1) General: A device or a set of wires that receives or sends out
L. antenna "sail yard," the long yard that sticks up on some sails, of unknown origin, perhaps from PIE base *temp- "to stretch, extend." In this sense, it is a translation of Gk. keraiai "horns" (of insects).
Âten, from Fr. antenne, from L. as above.
Fr.: gain d'antenne
A measure of the directivity of a radio telescope. It is the ratio of the amount of power received in the direction the dish is pointing to the smaller amount of power from other directions in the sidelobes.
Fr.: lobe d'antenne
A three-dimensional section of the → radiation pattern ofa directional antenna, bounded by one or more cones of nulls or by regions of diminished irradiance.
Fr.: diagramme de rayonnement
The response of an antenna to incident radiation as a function of the direction of incidence of the radiation. A generic antenna pattern consists of a → main lobe and a number of smaller → side lobes. Also called → radiation pattern.
Fr.: température d'antenne
In radio astronomy, a measure of the power absorbed by the antenna. In an ideal, loss-free radio telescope, the antenna temperature is equal to the brightness temperature if the intensity of the received radiation is constant within the main lobe. → antenna; → temperature.
antenna; → temperature.
Fr.: galaxies des Antennes
The pair of colliding galaxies NGC4038 and NGC4039 and the long arcing insect-like "antennae" of luminous matter revealed by optical telescopes. The "antennae" are believed to have been produced by the collision between the galaxies that began about 100 million years ago and is still occurring. The Antennae Galaxies, about 60 million → light-years from Earth, lie in the constellation → Corvus.
Antennae, plural of → antenna; → galaxy.
Kahkešânhâ, plural of kahkešân→ galaxy; šâxak "insect antenna," from šâx "horn" (Mid.Pers šâk, cf. Skt. sakha- "a branch, a limb," Arm. cax, Lit. šaka, O.S. soxa, PIE *kakhâ "branch") + -ak suffix denoting relation, affinity, similarity (as in dastak, pos(tak, pas(mak, xarak, nâxonak, mus(ak, eynak);
ânten-e dipol, ~ diqotbé
Fr.: antenne dipôle
One of the simplest kinds of antenna which is connected at the center to a radio-frequency feed line for transmitting or receiving radio frequency energy. It differs from the dish antenna in that it consists of many separate antennas that collect energy by feeding all their weak individual signals into one common receiving set.
evolved Laser Interferometer Space Antenna (eLISA)
A space project, initially → LISA, consisting of a configuration of three satellites, aimed to detect low frequency → gravitational waves that cannot be measured by ground-based detectors. The detection range will be from about 0.1 milliHz to 1 Hz. One "mother" and two "daughter" spacecrafts will be brought into an orbit around the Sun, which is similar to the Earth's orbit. The satellites will fly in a near-equilateral triangle formation, with a constant distance of one million km between, following the Earth along its orbit at a distance of around 50 million km. The mother spacecrafts carries two and each of the daughter spacecraft carry one free-flying → test masses that will be kept as far as possible free of external disturbances. The mutual distances of the test masses from satellite to satellite will be measured by means of high-precision, → Michelson-like laser → interferometry. In this way, the extremely small distance variations between the test masses of two satellites can be detected which are caused by the passages of a gravitational waves. The required measurement accuracy of the distances amounts to typically 1/100 of the diameter of a hydrogen atom (10-12 m) at a distance of two million km.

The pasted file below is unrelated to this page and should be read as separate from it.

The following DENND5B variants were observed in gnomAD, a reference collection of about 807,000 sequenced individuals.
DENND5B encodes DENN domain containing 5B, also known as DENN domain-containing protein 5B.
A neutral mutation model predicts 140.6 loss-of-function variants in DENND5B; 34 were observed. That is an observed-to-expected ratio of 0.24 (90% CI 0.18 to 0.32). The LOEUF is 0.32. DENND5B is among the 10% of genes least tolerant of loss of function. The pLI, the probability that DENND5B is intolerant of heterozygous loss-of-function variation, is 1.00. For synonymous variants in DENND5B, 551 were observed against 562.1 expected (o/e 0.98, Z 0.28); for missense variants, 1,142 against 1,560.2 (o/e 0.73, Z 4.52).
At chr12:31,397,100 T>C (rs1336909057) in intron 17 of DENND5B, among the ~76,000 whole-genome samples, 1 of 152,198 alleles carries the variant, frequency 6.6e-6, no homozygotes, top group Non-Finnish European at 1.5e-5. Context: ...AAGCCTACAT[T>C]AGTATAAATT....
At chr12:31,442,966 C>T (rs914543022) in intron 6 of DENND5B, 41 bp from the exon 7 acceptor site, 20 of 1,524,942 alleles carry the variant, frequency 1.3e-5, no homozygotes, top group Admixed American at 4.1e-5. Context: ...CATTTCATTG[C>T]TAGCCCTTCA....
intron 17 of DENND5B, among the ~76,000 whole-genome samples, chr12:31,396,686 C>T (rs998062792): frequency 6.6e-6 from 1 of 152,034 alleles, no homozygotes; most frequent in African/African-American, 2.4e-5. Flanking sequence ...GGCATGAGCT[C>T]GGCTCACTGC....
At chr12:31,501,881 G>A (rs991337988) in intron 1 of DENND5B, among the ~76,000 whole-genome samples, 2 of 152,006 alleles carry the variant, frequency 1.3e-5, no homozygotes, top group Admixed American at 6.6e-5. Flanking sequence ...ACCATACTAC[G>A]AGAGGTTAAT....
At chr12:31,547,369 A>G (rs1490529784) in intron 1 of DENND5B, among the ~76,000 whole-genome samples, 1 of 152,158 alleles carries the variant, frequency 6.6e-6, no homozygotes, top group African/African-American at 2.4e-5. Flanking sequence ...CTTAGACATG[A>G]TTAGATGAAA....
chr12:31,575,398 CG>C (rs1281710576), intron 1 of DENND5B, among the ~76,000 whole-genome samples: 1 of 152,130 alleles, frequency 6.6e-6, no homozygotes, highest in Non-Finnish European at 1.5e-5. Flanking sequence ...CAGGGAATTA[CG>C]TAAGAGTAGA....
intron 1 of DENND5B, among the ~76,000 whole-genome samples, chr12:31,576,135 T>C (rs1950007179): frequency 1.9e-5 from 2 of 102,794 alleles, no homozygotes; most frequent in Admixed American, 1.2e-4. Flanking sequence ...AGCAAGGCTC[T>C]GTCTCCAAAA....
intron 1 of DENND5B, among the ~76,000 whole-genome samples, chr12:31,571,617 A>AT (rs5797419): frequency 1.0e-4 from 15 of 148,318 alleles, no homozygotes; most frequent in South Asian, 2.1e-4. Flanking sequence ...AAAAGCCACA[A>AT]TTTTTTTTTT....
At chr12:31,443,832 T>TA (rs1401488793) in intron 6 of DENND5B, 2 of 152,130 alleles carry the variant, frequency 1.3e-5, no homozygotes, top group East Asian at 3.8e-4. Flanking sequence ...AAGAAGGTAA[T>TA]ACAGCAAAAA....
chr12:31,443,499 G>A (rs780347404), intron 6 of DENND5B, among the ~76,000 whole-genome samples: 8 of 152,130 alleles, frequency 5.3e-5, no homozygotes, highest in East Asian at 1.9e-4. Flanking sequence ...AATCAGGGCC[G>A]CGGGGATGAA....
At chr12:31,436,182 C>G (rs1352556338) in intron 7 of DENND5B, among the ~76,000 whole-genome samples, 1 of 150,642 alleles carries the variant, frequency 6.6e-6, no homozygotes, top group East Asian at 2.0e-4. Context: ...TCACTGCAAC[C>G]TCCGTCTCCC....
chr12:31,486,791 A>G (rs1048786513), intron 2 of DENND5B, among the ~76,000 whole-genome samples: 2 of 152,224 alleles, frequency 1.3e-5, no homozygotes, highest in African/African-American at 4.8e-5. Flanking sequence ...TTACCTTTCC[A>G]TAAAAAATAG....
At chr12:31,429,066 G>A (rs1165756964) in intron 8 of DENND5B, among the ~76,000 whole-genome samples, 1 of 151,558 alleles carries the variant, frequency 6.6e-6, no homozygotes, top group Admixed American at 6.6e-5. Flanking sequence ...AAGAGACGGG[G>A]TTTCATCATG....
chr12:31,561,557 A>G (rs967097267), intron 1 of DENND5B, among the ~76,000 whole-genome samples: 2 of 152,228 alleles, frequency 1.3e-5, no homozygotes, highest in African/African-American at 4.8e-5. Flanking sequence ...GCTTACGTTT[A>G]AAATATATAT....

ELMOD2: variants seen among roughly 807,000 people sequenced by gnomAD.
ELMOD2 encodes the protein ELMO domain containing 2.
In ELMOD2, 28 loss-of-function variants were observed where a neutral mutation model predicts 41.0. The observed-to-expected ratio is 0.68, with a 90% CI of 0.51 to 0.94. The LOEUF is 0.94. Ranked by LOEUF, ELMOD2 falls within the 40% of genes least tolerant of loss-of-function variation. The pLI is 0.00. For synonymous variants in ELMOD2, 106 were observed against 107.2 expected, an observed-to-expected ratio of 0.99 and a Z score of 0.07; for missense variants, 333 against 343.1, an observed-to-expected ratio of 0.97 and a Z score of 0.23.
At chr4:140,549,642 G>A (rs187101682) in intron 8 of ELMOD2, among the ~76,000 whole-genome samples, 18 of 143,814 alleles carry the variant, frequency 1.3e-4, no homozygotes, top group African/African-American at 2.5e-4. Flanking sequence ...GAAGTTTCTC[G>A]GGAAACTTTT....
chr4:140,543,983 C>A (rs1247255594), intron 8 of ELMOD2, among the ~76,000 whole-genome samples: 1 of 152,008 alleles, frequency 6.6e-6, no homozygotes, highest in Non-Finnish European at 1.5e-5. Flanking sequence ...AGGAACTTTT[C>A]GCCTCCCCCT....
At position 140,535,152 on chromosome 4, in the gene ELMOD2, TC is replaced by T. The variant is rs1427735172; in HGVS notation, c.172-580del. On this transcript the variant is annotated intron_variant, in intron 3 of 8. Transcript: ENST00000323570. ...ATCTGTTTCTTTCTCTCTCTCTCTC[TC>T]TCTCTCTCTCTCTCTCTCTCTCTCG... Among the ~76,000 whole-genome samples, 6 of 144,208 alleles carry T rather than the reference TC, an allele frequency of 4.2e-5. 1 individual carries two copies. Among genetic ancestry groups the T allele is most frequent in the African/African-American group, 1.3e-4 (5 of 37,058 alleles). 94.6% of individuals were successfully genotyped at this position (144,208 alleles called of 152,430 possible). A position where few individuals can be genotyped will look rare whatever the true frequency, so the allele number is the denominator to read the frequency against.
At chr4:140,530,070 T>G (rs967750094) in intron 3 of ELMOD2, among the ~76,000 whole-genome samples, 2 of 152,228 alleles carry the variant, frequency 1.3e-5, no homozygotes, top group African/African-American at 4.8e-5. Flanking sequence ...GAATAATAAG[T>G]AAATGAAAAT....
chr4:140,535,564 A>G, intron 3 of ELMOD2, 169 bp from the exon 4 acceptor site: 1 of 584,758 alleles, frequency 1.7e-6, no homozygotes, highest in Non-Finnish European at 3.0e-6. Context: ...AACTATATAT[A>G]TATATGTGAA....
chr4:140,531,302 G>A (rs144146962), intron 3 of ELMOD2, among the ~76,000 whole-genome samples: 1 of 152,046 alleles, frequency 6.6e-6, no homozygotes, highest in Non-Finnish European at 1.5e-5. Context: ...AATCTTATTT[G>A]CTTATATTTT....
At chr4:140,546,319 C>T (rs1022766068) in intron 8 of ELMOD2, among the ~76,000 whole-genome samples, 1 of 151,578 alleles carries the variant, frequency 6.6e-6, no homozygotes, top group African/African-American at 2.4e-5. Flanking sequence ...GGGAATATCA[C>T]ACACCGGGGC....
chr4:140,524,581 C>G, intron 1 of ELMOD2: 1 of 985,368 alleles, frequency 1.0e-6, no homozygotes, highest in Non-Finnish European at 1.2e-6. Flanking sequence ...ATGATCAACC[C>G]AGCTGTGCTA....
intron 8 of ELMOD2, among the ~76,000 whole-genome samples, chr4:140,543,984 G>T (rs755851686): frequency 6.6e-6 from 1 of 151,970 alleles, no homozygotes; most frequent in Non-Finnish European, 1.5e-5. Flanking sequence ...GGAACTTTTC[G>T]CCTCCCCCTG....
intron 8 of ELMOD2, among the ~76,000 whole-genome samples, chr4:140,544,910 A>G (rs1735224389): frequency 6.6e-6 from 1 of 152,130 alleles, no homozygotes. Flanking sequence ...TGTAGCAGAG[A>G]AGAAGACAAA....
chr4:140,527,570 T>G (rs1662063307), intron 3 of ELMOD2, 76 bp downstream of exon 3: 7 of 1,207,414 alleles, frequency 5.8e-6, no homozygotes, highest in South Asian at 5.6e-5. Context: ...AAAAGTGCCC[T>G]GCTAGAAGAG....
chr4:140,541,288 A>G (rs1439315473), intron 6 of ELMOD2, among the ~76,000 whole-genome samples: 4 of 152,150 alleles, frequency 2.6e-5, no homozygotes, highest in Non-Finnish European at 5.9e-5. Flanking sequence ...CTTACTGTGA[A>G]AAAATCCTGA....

→ evolve; → laser; → interferometer; → space; → antenna.
Laser Interferometer Space Antenna (LISA)
ânten-e fezâyi-e andarzanešsanj-e leyzeri
Fr.: Observatoire d'ondes gravitationnelles par interférométrie laser
A collaborative project between → NASA and → ESA to develop and operate a space-based gravitational wave detector sensitive at frequencies between 0.03 mHz and 0.1 Hz. LISA detects gravitational-wave induced strains in → space-time by measuring changes of the separation between fiducial masses in three spacecraft 5 million km apart. Ultimately, NASA and ESA decided in 2011 not to proceed with the mission. LISA was not the highest ranked mission in the 2010 Decadal Survey and funding constraints prevented NASA from proceeding with multiple large missions (http://lisa.nasa.gov). → LISA pathfinder.
→ laser; → interferometer; → space; → antenna.
ânten-e sahmi (#)
Fr.: antenne parabolique
An antenna comprising a parabolic reflector with a receiving and/or transmitting element positioned at or near its focal point.
ânten-e Yâgi (#)
Fr.: antenne de Yagi
A very familiar antenna array, which is the commonest kind of terrestrial TV aerial to be found on the rooftops of houses. It consists of a single "feed" or "driven element," usually a dipole antenna. The rest of the elements help transmit the energy in a particular direction. These antennas typically operate in the HF to UHF bands (about 3 MHz to 3 GHz), although their bandwidth is typically small. In astronomy Yagi antennas are used as elements in some → radio interferometers. Same as Yagi-Uda antenna.
Named after the Japanese electrical engineer Hidetsuga Yagi (1886-1976); → antenna.